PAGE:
Have a cheese fest--it's good for your bones!
I like to say that my favorite food group is cheese. I know cheese is not an actual food group, but it’s so delicious it ought to be. Even though it can be high in calories and saturated fat there are still ways to enjoy cheese as part of a healthy diet. Plus, all cheese is a rich source of calcium, so sampling the abundance helps to strengthen your bones. (Try these 20+ recipes for bone health.)
I was inspired to offer the following recipes and tips for healthy ways to enjoy cheese after I recently went to the Vermont Cheesemakers’ Festival, a special five-course cheese dinner. Here are some pictures from the festival:
An impressive spread of artisan cheeses! Photo Credit: Vermont Cheesemakers’ Festival / Adeline Druart
A monster wheel of Grafton Village Cheddar Cheese. Photo Credit: Vermont Cheesemakers’ Festival / Adeline Druart
In addition to trying lots of delicious cheese, I got to meet some cheese makers at the event. It was really awesome and so are these healthy EatingWell recipes with cheese!
Chicken Parmesan Sub – You may disagree on whether the chicken parm sandwich should be known as a “sub,” “hoagie” or “grinder,” but who doesn't love this neighborhood-deli classic? We've added some spinach and done away with all the greasy breading to make it more healthy.
Arugula Salad with Honey-Drizzled Peaches – This salad has goat cheese rolled in pecans on top of sweet peaches and peppery arugula.
Smoky Stuffed Peppers – These peppers are super-easy, beautiful and delicious. They’re stuffed with a blend of brown rice, Italian sausage and smoked cheese. You can use smoked Cheddar (Shelburne Farms in Vermont makes an amazing one), smoked mozzarella or gouda. Smoked gouda from Taylor Farms in Vermont is my favorite choice. It’s outstanding.
Baked Mac & Cheese – Here’s a good recipe to use a strong Cheddar. The recipes stays healthy with the addition of creamy low-fat cottage cheese and whole-wheat pasta, which adds extra fiber.
5 tips for enjoying cheese healthfully:
- Get strong: Obviously it’s all about moderation when it comes to eating cheese. So how do you have just a little without going overboard? Choose cheeses with a lot of flavor (often artisanal cheeses have bigger, bolder flavors). If you’re going for Cheddar, pick the sharpest one you can find. Instead of basic supermarket-brand Parmesan cheese, choose a real imported Parmigiano Reggiano from Italy. Even if it’s a little more expensive, it’s probably going to have more flavor, which means you can use less of it in a dish and still get a big impact. That’s good news for your waistline too.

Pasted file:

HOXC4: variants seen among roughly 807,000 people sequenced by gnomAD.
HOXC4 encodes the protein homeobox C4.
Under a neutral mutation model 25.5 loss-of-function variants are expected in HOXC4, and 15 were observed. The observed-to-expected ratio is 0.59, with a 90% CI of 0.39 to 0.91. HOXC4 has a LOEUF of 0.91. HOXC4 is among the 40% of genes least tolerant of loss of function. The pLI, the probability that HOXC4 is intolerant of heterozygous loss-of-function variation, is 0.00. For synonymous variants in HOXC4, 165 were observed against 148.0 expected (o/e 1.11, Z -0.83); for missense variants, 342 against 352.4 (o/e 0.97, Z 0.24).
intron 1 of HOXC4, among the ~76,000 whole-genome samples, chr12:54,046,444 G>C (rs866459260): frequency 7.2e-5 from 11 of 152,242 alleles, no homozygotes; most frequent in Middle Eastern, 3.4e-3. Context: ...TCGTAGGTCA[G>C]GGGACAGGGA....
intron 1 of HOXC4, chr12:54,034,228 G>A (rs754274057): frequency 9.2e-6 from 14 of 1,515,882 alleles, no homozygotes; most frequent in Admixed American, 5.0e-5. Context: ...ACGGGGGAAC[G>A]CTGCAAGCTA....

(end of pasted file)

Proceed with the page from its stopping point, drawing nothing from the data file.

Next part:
- Use cheese where it counts, flavor-wise: When you make a dish with cheese in it, like a casserole, make sure you save a little (say ¼ cup) and sprinkle it over the top so you can enjoy looking at it and smelling it as you dig in. That can have a serious impact on your perception of how cheesy (and therefore delicious) a dish is.
- When a full-fat version of a cheese isn’t necessary, choose “reduced-fat,” 2% or “part-skim” varieties of cheese, which contain 25 percent less fat than their regular counterparts. Some lower-fat cheeses, like part-skim mozzarella, melt better than others, such as reduced-fat Cheddar—so experiment to find one you like.
- Use a combination of reduced-fat cream cheese and pureed nonfat cottage cheese instead of sour cream to reduce calories and saturated fat in dips.
- Skip full-fat ricotta cheese; using reduced-fat or nonfat ricotta in recipes like calzones or lasagna saves about 58 calories and 8 grams of fat for every 1/4 cup. And it's every bit as rich and creamy.
On a scale of 1 to 10 how much do you love cheese? Tell us what you think below.
Jessie Price, Health Blog
Jessie Price is the editor-in-chief of EatingWell magazine. Besides her work on 11 other EatingWell books, she is the author of the James Beard Award-winning The Simple Art of EatingWell and EatingWell One-Pot Meals. She lives in Charlotte, Vermont where she stays busy growing her own vegetables in the summer and tracking down great Vermont food products when she’s not working.
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